February 4, 2020
Manage your finances

Part Two of the Government Stimulus Package: Here's What You Need to Know

Hot on the heels of the first stimulus package, the Federal government has just announced another round of measures to support individuals and business. We’ve outlined these below, and have included links to the official government policy documents so you can access comprehensive information, direct from the source.

Before we get to the details of the second round of stimulus package, the Victorian State government has also just announced their own tax relief measures to help support business during the coronavirus pandemic.

Tax relief measures for Victoria’s State of Emergency

As of Monday March 23 the Victorian Government has announced a range of tax measures to support businesses during the State of Emergency.

These include:

  • Payroll tax waived in 2019-20 for eligible businesses with taxable wages up to $3 million.
  • 2020 renewable liquor licence fees waived
  • 2020 land tax deferred for people that have at least one non-residential property and total taxable landholdings below $1 million

Where can I get more information? Call the Business Victoria hotline on 13 22 15 or visit the State Revenue Office website for answers to frequently asked questions.

Information for business: the second round of Federal government stimulus

Let’s take a closer look at the Australian Government’s economic response to the coronavirus, as recently announced in the second round of stimulus measures.

The Coronavirus SME Guarantee Scheme

The government is helping support the flow of credit through the economy, with a particular focus on small and medium enterprises.

What is the Coronavirus SME Guarantee Scheme? This scheme is intended to provide support to businesses impacted by disrupted cash flow. Under the scheme, the government will provide a guarantee of 50% to SME lenders for new unsecured loans to be used as working capital.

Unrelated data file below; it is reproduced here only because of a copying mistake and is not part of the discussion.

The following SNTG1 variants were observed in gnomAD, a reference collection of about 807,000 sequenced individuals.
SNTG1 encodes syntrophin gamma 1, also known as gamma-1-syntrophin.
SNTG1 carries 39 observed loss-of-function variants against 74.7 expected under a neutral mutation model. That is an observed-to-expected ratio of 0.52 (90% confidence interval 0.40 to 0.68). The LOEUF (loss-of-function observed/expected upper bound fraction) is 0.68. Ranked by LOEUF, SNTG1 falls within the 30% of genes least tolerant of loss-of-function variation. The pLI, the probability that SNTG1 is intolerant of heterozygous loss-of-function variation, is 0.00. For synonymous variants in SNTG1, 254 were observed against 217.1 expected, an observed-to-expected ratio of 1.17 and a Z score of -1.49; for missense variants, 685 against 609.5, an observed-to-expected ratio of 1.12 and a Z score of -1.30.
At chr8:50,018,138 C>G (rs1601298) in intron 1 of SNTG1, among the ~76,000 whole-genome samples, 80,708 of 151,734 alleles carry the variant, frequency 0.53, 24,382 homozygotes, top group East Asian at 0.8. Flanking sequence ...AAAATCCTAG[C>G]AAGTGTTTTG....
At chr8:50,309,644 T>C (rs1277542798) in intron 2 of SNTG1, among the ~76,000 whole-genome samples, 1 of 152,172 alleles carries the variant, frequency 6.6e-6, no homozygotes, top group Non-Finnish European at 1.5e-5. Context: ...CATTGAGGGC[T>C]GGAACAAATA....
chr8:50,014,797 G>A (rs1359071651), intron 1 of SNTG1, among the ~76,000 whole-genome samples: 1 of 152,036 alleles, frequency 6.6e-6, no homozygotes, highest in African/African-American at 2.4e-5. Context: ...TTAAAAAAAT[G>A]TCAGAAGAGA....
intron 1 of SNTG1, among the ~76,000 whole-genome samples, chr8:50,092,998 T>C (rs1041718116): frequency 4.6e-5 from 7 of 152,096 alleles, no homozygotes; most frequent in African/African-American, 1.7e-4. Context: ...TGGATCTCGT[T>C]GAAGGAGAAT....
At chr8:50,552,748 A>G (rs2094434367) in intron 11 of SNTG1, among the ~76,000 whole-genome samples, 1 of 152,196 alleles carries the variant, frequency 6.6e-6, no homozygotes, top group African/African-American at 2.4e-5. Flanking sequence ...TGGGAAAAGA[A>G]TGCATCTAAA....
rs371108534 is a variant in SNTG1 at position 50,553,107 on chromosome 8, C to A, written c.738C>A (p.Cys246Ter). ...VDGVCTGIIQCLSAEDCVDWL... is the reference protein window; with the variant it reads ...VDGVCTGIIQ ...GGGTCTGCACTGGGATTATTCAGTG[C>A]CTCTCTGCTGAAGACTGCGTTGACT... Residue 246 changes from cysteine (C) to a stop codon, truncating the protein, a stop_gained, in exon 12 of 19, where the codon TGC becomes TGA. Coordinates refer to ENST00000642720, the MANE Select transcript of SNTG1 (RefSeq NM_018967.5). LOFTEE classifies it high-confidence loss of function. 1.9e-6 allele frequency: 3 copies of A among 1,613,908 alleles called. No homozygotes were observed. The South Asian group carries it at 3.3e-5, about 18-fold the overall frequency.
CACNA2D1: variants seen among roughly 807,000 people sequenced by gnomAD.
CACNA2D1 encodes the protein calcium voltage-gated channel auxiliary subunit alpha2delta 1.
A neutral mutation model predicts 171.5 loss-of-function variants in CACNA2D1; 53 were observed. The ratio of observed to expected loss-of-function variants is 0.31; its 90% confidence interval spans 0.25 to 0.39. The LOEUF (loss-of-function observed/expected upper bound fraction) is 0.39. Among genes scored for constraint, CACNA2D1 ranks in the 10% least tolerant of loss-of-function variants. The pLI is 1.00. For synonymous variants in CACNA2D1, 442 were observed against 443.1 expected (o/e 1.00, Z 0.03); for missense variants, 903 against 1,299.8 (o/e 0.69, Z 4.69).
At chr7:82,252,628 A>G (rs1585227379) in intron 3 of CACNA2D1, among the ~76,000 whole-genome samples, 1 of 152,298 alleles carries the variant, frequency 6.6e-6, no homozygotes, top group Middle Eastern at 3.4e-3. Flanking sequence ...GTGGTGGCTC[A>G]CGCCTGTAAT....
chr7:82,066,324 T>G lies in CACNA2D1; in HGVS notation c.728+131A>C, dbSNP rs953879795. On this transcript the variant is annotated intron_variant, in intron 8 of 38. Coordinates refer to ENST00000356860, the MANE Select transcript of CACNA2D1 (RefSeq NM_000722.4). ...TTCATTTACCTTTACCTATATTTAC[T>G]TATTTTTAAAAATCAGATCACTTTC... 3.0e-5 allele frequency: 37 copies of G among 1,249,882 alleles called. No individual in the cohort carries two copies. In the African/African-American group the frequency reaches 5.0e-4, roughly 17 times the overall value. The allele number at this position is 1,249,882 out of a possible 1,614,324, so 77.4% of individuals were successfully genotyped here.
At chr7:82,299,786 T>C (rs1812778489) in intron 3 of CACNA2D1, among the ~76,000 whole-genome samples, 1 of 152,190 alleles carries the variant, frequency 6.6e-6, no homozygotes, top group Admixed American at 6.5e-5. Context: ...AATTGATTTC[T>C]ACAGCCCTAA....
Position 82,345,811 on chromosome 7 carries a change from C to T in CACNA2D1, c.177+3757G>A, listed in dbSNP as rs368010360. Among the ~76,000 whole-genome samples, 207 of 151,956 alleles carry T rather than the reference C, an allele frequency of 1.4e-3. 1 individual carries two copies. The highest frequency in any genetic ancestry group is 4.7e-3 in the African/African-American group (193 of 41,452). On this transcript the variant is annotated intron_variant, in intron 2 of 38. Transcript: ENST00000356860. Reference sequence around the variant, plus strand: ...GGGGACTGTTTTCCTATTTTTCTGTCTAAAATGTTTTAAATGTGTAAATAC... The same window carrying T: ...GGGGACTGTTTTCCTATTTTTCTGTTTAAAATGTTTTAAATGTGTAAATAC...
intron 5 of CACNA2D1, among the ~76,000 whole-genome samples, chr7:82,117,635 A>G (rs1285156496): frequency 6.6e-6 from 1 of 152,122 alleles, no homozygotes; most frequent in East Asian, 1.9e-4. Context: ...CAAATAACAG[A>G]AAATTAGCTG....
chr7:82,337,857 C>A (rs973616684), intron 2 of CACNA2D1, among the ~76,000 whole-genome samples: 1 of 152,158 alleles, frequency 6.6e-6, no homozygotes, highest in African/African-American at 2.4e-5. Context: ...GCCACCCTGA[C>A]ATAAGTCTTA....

Who is eligible? SMEs with a turnover of up to $50 million will be eligible to receive these loans.

What are the terms of the loan? The Government will provide eligible lenders with a guarantee for loans with the following terms:

• Maximum total size of loans of $250,000 per borrower

• The loans will be up to three years, with an initial six month repayment holiday

• The loans will be in the form of unsecured finance, meaning that borrowers will not have to provide an asset as security for the loan

When can I access the scheme? The scheme will commence by early April 2020 and be available for new loans made by participating lenders until 30 September 2020.

Where can I get more information? The Australian Government has released a fact sheet called Supporting the Flow of Credit.

Cash Flow Assistance for Businesses

This measure is designed to help businesses manage cash flow issues and to help them retain their employees and subsidise the wages of apprentices and trainees.

What is this assistance? The government is providing up to $100,000 to eligible small and medium sized businesses and not-for-profits (including charities), to help with operational costs such as rent, electricity, bills and staff.